Posted in Social Media

Deadline Approaching For Black Weblog Awards Nominations

By Benét J. Wilson, DJTF co-chair, Online Managing Editor-Business Aviation, Aviation Week Group

July 25 at midnight is the deadline to submit your nominations for the 2010 Black Weblog Awards. The awards were created by Maurice Cherry, owner of Atlanta-based firm 3eighteen Media.   He created the awards program in 2005  after seeing other Internet award vehicles not recognizing Black bloggers that he knew were doing phenomenal work and had a presence in the blogosphere.

So far, Cherry says, he’s received more than 10,000 nominations, and is experiencing its highestt web traffic ever (it usually triples or quadruples every year).  “I think the new website design and increased presence on social media networks has helped out with that a lot,” he says.  “This year, we also brought on a sponsorship director and an intern to help us do more with the tools we currently have, as well as seek out sponsorship dollars that we desperately need to keep the awards going and growing.”

Finalists will be announced on August 1, says Cherry.  “Winners are announced now on September 1. We have also kicked off a pledge campaign via Kickstarter to raise money for the 2011 Black Weblog Awards to finally have a live ceremony,” he says.  “We’re fortunate that the strategic partnerships we’ve made have helped us get one step closer to making this a reality.”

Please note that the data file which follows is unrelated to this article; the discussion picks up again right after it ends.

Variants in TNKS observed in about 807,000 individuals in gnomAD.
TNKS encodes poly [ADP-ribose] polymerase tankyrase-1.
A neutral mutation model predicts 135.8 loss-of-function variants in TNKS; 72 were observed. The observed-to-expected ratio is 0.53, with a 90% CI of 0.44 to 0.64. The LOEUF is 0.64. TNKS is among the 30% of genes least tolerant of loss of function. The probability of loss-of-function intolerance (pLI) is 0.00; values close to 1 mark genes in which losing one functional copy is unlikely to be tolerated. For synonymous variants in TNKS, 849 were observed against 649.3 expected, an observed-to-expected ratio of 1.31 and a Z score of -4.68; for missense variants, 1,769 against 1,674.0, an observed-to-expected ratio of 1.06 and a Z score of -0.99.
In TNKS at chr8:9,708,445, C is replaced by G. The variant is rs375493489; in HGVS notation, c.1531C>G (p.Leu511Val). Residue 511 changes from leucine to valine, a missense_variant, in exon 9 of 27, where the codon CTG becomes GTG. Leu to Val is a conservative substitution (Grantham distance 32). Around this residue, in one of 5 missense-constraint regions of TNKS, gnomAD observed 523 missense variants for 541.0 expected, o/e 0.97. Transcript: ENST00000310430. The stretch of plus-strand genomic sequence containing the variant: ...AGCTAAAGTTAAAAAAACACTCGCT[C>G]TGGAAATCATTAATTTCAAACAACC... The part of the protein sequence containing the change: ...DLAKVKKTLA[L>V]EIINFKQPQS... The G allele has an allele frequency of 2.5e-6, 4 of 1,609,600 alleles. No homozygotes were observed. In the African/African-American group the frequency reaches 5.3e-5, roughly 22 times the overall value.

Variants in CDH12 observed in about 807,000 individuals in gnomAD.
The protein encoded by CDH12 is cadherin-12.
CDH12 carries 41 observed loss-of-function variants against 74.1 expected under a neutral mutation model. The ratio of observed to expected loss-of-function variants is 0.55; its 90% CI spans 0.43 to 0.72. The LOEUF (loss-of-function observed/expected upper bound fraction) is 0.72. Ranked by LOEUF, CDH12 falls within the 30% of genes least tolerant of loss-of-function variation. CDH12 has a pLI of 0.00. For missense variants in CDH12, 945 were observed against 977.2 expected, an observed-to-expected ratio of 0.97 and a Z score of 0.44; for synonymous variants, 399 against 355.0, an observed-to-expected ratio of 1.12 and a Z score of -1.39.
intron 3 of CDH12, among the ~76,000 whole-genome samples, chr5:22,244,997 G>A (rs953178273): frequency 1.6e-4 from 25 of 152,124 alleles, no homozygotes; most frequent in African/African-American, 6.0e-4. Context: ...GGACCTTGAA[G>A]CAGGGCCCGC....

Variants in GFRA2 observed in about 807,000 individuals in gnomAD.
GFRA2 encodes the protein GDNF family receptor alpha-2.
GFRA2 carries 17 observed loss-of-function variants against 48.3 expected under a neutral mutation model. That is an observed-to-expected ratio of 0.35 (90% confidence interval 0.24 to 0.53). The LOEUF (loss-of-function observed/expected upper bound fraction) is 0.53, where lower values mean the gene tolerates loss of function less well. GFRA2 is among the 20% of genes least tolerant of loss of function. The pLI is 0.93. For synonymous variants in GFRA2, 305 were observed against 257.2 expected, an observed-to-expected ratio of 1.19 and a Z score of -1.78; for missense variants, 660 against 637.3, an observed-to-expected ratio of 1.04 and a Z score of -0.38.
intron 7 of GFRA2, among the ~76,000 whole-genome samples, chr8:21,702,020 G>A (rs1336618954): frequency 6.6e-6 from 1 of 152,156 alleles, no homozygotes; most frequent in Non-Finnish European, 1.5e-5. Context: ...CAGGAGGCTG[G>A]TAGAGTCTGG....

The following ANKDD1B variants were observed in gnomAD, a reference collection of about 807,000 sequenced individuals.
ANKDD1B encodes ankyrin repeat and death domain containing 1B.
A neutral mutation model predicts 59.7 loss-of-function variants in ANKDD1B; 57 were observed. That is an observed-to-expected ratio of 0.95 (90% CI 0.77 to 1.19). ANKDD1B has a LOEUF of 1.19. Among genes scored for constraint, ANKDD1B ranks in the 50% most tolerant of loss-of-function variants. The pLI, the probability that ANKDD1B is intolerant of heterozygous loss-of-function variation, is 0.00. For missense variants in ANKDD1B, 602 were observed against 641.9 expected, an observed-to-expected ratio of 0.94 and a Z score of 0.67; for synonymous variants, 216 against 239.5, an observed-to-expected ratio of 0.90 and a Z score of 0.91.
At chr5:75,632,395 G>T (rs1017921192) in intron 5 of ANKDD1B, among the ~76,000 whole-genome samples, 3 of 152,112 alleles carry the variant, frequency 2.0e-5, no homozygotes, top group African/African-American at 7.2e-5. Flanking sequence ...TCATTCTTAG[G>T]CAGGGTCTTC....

Below are my choices for blogs worthy to be nominated:

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Posted in Uncategorized

Nominations For The Black Weblog Awards Open June 1

By Benét J. Wilson, DJTF co-chair, Online Managing Editor-Business Aviation, Aviation Week Group

Back on April 14, I did a two-part interview with Atlanta media entrepreneur Maurice Cherry.  Part one of the interview was on his creation of the Black Weblog Awards.  Now nominations for this year’s awards will open on June 1 and close July 25.

The award has 35 categories, so there are plenty of opportunities to find someone to nominate.  Have you been blogging consistently since Jan. 1, 2005? Then enter yourself for the Aaron Hawkins Award, which is chosen by a panel of judges.  Other categories include blog design, blog post series, cooking or food blog, fashion/beauty, group, micro, new blog, political/news, sports and travel, to name a few.  There’s also the Blog of the Year and Blog to Watch.